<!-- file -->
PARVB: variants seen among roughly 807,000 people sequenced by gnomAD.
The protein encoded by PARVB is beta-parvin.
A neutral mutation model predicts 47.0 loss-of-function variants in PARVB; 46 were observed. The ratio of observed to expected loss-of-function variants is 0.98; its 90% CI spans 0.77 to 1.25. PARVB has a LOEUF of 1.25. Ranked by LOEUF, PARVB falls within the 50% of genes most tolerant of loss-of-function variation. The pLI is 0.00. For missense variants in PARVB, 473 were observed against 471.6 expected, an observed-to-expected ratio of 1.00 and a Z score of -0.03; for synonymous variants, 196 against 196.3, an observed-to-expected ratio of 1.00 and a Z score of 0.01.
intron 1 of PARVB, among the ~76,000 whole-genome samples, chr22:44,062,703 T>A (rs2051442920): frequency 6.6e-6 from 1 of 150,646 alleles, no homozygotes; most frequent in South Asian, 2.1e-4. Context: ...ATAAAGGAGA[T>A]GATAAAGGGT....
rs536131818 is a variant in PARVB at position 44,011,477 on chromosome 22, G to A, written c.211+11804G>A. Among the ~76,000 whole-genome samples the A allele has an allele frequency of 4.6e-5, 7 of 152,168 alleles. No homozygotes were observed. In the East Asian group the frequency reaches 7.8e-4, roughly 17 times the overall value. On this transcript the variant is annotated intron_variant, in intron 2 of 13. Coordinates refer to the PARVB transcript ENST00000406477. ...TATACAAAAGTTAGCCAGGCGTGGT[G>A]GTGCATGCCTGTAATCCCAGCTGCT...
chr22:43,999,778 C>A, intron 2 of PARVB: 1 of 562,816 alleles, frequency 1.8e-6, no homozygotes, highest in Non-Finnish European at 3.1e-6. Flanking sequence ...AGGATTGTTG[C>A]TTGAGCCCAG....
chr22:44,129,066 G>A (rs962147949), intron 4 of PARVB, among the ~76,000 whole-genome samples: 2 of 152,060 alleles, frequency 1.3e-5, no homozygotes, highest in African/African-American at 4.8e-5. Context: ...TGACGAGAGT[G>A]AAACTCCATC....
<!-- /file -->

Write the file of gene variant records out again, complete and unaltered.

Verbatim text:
PARVB: variants seen among roughly 807,000 people sequenced by gnomAD.
The protein encoded by PARVB is beta-parvin.
A neutral mutation model predicts 47.0 loss-of-function variants in PARVB; 46 were observed. The ratio of observed to expected loss-of-function variants is 0.98; its 90% CI spans 0.77 to 1.25. PARVB has a LOEUF of 1.25. Ranked by LOEUF, PARVB falls within the 50% of genes most tolerant of loss-of-function variation. The pLI is 0.00. For missense variants in PARVB, 473 were observed against 471.6 expected, an observed-to-expected ratio of 1.00 and a Z score of -0.03; for synonymous variants, 196 against 196.3, an observed-to-expected ratio of 1.00 and a Z score of 0.01.
intron 1 of PARVB, among the ~76,000 whole-genome samples, chr22:44,062,703 T>A (rs2051442920): frequency 6.6e-6 from 1 of 150,646 alleles, no homozygotes; most frequent in South Asian, 2.1e-4. Context: ...ATAAAGGAGA[T>A]GATAAAGGGT....
rs536131818 is a variant in PARVB at position 44,011,477 on chromosome 22, G to A, written c.211+11804G>A. Among the ~76,000 whole-genome samples the A allele has an allele frequency of 4.6e-5, 7 of 152,168 alleles. No homozygotes were observed. In the East Asian group the frequency reaches 7.8e-4, roughly 17 times the overall value. On this transcript the variant is annotated intron_variant, in intron 2 of 13. Coordinates refer to the PARVB transcript ENST00000406477. ...TATACAAAAGTTAGCCAGGCGTGGT[G>A]GTGCATGCCTGTAATCCCAGCTGCT...
chr22:43,999,778 C>A, intron 2 of PARVB: 1 of 562,816 alleles, frequency 1.8e-6, no homozygotes, highest in Non-Finnish European at 3.1e-6. Flanking sequence ...AGGATTGTTG[C>A]TTGAGCCCAG....
chr22:44,129,066 G>A (rs962147949), intron 4 of PARVB, among the ~76,000 whole-genome samples: 2 of 152,060 alleles, frequency 1.3e-5, no homozygotes, highest in African/African-American at 4.8e-5. Context: ...TGACGAGAGT[G>A]AAACTCCATC....